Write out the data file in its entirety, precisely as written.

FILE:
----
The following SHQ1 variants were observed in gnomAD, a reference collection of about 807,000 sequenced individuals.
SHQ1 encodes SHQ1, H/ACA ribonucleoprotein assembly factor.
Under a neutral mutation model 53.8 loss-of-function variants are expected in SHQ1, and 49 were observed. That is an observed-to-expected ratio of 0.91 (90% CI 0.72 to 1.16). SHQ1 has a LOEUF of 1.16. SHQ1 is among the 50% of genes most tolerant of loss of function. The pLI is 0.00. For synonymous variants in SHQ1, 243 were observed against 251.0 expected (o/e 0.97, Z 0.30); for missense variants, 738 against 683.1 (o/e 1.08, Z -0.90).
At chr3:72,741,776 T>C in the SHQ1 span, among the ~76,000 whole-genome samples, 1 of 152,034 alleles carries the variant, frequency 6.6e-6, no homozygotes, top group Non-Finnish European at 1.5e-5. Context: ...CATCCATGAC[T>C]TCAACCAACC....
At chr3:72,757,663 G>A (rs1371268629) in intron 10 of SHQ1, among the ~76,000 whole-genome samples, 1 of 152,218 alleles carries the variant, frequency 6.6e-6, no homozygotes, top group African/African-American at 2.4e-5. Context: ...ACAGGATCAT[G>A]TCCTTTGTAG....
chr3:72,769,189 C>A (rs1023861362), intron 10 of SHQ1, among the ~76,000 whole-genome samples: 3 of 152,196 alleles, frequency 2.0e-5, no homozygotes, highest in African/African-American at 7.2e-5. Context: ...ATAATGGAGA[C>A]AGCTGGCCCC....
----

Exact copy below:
The following SHQ1 variants were observed in gnomAD, a reference collection of about 807,000 sequenced individuals.
SHQ1 encodes SHQ1, H/ACA ribonucleoprotein assembly factor.
Under a neutral mutation model 53.8 loss-of-function variants are expected in SHQ1, and 49 were observed. That is an observed-to-expected ratio of 0.91 (90% CI 0.72 to 1.16). SHQ1 has a LOEUF of 1.16. SHQ1 is among the 50% of genes most tolerant of loss of function. The pLI is 0.00. For synonymous variants in SHQ1, 243 were observed against 251.0 expected (o/e 0.97, Z 0.30); for missense variants, 738 against 683.1 (o/e 1.08, Z -0.90).
At chr3:72,741,776 T>C in the SHQ1 span, among the ~76,000 whole-genome samples, 1 of 152,034 alleles carries the variant, frequency 6.6e-6, no homozygotes, top group Non-Finnish European at 1.5e-5. Context: ...CATCCATGAC[T>C]TCAACCAACC....
At chr3:72,757,663 G>A (rs1371268629) in intron 10 of SHQ1, among the ~76,000 whole-genome samples, 1 of 152,218 alleles carries the variant, frequency 6.6e-6, no homozygotes, top group African/African-American at 2.4e-5. Context: ...ACAGGATCAT[G>A]TCCTTTGTAG....
chr3:72,769,189 C>A (rs1023861362), intron 10 of SHQ1, among the ~76,000 whole-genome samples: 3 of 152,196 alleles, frequency 2.0e-5, no homozygotes, highest in African/African-American at 7.2e-5. Context: ...ATAATGGAGA[C>A]AGCTGGCCCC....